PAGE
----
I see much hand wringing in venues regarding the future of "insert your worry here". I find such talk by so-called realists dismaying. If I have rose-colored glasses, the lenses are badly scratched, and they sit cockeyed from being banged up. Rather, I like to think that my experience, and the experience of our country's history, points to the great things that one/many can do when there is commitment to a positive outcome.
Just as the line between conviction/bias is blurry, so too is the line between critiquing/carping. I'm still having trouble with the line of demarcation for conviction/bias. However, the line between critiquing and carping has a very sharp, thin line--and that line is simply the line of action v. inaction.
The sport of second guessing the actions of leaders and engaging in armchair econometrics has risen to a national past time. To be sure, there is plenty of fodder to feed both activities. But my counterpoint is simply this to those who engage: what are you doing (besides griping) to make a difference? There are plenty of folks in the media that are very capable of inciting the emotions of those that want the heat of their discontentment fanned. Frankly, those folks are no better than the people that those they target in their hostile laments.
All of this would be amusing were it not so damaging. It creates a division of us v. them. The HBO series, John Adams, was a very compelling reminder of the sacrifice a citizenry must make to effect meaningful change. When our commitment to things outweighs our commitment to values we become lopsided, unbalanced. Our much-lauded forefathers were still a collection of flawed people.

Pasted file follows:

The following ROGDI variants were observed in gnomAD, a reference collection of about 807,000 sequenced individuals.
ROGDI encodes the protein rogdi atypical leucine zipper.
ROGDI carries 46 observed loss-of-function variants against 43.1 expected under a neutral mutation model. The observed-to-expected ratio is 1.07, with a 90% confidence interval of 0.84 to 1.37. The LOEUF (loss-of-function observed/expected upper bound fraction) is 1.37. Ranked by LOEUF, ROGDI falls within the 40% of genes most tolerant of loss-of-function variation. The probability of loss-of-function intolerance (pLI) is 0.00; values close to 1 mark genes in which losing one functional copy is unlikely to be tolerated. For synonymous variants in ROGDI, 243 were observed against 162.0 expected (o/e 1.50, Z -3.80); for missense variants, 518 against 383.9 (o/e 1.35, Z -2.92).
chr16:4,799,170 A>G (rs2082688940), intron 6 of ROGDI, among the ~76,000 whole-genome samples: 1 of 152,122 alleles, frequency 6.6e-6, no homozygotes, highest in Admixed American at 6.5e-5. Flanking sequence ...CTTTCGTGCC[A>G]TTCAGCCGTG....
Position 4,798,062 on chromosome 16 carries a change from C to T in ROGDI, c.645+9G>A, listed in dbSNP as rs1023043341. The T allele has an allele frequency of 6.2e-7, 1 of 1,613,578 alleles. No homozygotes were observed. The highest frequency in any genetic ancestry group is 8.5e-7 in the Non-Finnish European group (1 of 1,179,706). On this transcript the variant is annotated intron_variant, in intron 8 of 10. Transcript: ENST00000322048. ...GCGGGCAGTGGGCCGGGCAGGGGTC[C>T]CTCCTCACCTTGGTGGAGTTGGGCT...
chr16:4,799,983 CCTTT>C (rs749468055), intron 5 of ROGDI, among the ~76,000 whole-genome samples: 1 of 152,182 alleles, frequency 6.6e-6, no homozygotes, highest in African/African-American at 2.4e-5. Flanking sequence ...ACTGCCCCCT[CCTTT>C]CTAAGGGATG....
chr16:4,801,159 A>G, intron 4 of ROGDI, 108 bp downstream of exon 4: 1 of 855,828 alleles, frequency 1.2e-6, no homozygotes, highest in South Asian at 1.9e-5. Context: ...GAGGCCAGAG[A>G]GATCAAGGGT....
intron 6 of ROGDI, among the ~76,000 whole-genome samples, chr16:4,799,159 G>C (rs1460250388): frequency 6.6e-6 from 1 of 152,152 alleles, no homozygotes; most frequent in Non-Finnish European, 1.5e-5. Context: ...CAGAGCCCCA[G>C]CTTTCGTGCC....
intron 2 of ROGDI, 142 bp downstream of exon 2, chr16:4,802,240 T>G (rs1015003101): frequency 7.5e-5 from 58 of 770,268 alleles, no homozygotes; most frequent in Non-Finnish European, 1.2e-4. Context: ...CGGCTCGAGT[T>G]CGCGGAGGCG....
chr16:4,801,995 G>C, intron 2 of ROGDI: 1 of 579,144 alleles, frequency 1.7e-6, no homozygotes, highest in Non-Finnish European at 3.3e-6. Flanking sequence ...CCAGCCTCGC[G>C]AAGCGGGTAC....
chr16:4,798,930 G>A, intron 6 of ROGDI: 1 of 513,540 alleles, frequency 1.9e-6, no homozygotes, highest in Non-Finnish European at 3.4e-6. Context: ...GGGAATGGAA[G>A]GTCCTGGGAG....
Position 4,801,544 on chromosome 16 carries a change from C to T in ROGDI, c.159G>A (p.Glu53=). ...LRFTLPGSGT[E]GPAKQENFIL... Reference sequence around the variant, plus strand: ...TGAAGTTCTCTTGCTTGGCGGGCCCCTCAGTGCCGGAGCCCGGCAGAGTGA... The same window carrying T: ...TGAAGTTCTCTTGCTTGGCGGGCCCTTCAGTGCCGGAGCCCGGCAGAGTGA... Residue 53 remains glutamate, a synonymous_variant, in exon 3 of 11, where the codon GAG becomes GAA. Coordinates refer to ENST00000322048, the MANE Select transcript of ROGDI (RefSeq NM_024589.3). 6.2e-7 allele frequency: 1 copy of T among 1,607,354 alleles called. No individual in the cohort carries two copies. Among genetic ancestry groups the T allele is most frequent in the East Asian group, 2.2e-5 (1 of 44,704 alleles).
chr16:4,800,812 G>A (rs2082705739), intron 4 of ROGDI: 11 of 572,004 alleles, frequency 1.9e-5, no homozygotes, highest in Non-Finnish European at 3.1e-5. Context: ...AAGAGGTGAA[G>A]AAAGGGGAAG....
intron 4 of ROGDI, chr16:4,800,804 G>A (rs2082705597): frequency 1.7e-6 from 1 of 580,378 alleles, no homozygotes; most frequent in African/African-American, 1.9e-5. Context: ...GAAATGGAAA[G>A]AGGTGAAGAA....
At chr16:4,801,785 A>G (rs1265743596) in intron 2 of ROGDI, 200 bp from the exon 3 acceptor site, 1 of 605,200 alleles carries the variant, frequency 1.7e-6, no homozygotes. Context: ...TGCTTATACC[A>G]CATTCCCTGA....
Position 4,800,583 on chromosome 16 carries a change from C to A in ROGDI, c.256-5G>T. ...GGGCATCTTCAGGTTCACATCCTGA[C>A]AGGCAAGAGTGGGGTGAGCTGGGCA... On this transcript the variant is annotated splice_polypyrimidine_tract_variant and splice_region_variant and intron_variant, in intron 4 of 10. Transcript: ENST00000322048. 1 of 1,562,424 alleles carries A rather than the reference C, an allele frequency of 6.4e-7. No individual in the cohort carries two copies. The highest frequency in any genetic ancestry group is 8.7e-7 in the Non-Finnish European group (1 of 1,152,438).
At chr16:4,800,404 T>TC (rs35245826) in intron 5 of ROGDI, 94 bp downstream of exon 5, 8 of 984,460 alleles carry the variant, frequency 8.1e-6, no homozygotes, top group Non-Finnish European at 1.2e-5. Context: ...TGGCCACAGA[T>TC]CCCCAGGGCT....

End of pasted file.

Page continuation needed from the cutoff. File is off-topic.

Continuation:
Human DNA has not changed, though we would like to think so. So it is both unwise and inaccurate, to believe that our leaders from before were vastly superior in all respects to our current leadership. They were not. But they did share a commitment to sacrifice everything--safety, freedom, wealth, their lives and the lives of their families--to effect change that they believed in.
It's fine to be angry and outraged about 'stuff'. Anger and outrage are very compelling emotions---they provide fuel for change. Our nation's birth is the best example of what properly channeled anger and outrage can accomplish. Are you outraged by handouts? Go volunteer at one of your health and human services agencies. Might as well get good look at the freeloaders and 'system-workers' for yourself. The faces that you see and the stories that you hear might give you an education. Are you outraged by your politicians? Run for office--better yet, go lend your energy to the party of your choice.
"Stuff" doesn't get done by armchair anybodies. Armchair anybodies are benign lumps that make a lot of noise--it is a benign cacophony. Whatever is ahead of us, the leaders of (wo)men will not be those that point out the faults of others, but rather those who point to the courage and goodness within us and inspire us to be a change agent rather than a bitter soul content to carp from the sidelines.